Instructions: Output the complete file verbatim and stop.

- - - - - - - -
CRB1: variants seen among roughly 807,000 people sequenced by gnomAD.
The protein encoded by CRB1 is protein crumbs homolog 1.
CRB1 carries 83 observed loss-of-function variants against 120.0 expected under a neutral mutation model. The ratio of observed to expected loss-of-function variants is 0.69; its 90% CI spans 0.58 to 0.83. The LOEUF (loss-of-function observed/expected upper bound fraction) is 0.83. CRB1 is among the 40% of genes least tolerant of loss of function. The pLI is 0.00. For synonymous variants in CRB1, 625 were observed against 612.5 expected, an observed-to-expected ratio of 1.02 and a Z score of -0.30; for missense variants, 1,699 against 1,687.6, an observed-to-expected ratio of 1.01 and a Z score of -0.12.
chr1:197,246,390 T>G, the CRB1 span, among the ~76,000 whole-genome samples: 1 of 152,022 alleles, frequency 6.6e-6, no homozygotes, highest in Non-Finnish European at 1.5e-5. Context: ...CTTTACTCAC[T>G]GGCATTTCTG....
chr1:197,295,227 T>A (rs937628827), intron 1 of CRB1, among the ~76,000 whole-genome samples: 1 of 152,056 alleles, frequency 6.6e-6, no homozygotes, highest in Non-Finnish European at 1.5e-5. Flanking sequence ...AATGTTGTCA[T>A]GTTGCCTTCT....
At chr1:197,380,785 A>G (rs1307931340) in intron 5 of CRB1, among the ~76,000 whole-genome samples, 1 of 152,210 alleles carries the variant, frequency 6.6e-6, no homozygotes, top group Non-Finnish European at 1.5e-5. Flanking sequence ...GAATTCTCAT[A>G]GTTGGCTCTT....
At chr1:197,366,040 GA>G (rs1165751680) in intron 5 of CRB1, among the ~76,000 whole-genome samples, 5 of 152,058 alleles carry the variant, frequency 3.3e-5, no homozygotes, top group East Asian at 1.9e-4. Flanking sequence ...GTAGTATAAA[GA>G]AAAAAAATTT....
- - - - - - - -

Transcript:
CRB1: variants seen among roughly 807,000 people sequenced by gnomAD.
The protein encoded by CRB1 is protein crumbs homolog 1.
CRB1 carries 83 observed loss-of-function variants against 120.0 expected under a neutral mutation model. The ratio of observed to expected loss-of-function variants is 0.69; its 90% CI spans 0.58 to 0.83. The LOEUF (loss-of-function observed/expected upper bound fraction) is 0.83. CRB1 is among the 40% of genes least tolerant of loss of function. The pLI is 0.00. For synonymous variants in CRB1, 625 were observed against 612.5 expected, an observed-to-expected ratio of 1.02 and a Z score of -0.30; for missense variants, 1,699 against 1,687.6, an observed-to-expected ratio of 1.01 and a Z score of -0.12.
chr1:197,246,390 T>G, the CRB1 span, among the ~76,000 whole-genome samples: 1 of 152,022 alleles, frequency 6.6e-6, no homozygotes, highest in Non-Finnish European at 1.5e-5. Context: ...CTTTACTCAC[T>G]GGCATTTCTG....
chr1:197,295,227 T>A (rs937628827), intron 1 of CRB1, among the ~76,000 whole-genome samples: 1 of 152,056 alleles, frequency 6.6e-6, no homozygotes, highest in Non-Finnish European at 1.5e-5. Flanking sequence ...AATGTTGTCA[T>A]GTTGCCTTCT....
At chr1:197,380,785 A>G (rs1307931340) in intron 5 of CRB1, among the ~76,000 whole-genome samples, 1 of 152,210 alleles carries the variant, frequency 6.6e-6, no homozygotes, top group Non-Finnish European at 1.5e-5. Flanking sequence ...GAATTCTCAT[A>G]GTTGGCTCTT....
At chr1:197,366,040 GA>G (rs1165751680) in intron 5 of CRB1, among the ~76,000 whole-genome samples, 5 of 152,058 alleles carry the variant, frequency 3.3e-5, no homozygotes, top group East Asian at 1.9e-4. Flanking sequence ...GTAGTATAAA[GA>G]AAAAAAATTT....